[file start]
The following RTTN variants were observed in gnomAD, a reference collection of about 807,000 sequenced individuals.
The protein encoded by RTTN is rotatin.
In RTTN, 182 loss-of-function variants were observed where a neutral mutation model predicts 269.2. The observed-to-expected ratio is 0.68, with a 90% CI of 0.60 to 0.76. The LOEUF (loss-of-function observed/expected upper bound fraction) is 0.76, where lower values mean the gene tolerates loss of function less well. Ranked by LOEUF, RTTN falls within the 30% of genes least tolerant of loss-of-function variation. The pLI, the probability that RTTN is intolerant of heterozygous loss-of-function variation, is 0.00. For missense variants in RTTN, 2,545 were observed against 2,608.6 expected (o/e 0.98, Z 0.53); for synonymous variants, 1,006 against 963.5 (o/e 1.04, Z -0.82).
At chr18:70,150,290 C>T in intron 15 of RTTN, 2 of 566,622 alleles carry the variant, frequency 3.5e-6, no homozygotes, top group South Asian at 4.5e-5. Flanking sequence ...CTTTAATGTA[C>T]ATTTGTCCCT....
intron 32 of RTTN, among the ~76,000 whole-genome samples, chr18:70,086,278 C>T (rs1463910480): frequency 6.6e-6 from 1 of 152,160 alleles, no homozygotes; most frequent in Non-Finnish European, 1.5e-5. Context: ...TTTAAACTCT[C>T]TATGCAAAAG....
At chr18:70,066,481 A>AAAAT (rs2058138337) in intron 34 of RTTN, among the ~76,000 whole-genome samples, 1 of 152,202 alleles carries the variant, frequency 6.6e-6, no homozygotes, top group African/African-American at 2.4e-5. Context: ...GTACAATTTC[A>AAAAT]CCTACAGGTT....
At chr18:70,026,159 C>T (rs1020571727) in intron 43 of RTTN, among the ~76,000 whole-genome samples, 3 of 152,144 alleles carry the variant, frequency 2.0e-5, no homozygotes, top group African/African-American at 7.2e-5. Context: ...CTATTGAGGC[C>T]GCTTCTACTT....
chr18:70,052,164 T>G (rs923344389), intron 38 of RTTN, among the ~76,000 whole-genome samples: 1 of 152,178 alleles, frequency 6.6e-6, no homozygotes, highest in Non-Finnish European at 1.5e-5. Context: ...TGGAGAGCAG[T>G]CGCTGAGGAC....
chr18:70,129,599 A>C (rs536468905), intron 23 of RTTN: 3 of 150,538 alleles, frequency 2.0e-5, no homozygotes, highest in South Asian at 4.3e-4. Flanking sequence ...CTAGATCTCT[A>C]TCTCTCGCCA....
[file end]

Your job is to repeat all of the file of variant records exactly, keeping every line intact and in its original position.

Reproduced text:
The following RTTN variants were observed in gnomAD, a reference collection of about 807,000 sequenced individuals.
The protein encoded by RTTN is rotatin.
In RTTN, 182 loss-of-function variants were observed where a neutral mutation model predicts 269.2. The observed-to-expected ratio is 0.68, with a 90% CI of 0.60 to 0.76. The LOEUF (loss-of-function observed/expected upper bound fraction) is 0.76, where lower values mean the gene tolerates loss of function less well. Ranked by LOEUF, RTTN falls within the 30% of genes least tolerant of loss-of-function variation. The pLI, the probability that RTTN is intolerant of heterozygous loss-of-function variation, is 0.00. For missense variants in RTTN, 2,545 were observed against 2,608.6 expected (o/e 0.98, Z 0.53); for synonymous variants, 1,006 against 963.5 (o/e 1.04, Z -0.82).
At chr18:70,150,290 C>T in intron 15 of RTTN, 2 of 566,622 alleles carry the variant, frequency 3.5e-6, no homozygotes, top group South Asian at 4.5e-5. Flanking sequence ...CTTTAATGTA[C>T]ATTTGTCCCT....
intron 32 of RTTN, among the ~76,000 whole-genome samples, chr18:70,086,278 C>T (rs1463910480): frequency 6.6e-6 from 1 of 152,160 alleles, no homozygotes; most frequent in Non-Finnish European, 1.5e-5. Context: ...TTTAAACTCT[C>T]TATGCAAAAG....
At chr18:70,066,481 A>AAAAT (rs2058138337) in intron 34 of RTTN, among the ~76,000 whole-genome samples, 1 of 152,202 alleles carries the variant, frequency 6.6e-6, no homozygotes, top group African/African-American at 2.4e-5. Context: ...GTACAATTTC[A>AAAAT]CCTACAGGTT....
At chr18:70,026,159 C>T (rs1020571727) in intron 43 of RTTN, among the ~76,000 whole-genome samples, 3 of 152,144 alleles carry the variant, frequency 2.0e-5, no homozygotes, top group African/African-American at 7.2e-5. Context: ...CTATTGAGGC[C>T]GCTTCTACTT....
chr18:70,052,164 T>G (rs923344389), intron 38 of RTTN, among the ~76,000 whole-genome samples: 1 of 152,178 alleles, frequency 6.6e-6, no homozygotes, highest in Non-Finnish European at 1.5e-5. Context: ...TGGAGAGCAG[T>G]CGCTGAGGAC....
chr18:70,129,599 A>C (rs536468905), intron 23 of RTTN: 3 of 150,538 alleles, frequency 2.0e-5, no homozygotes, highest in South Asian at 4.3e-4. Flanking sequence ...CTAGATCTCT[A>C]TCTCTCGCCA....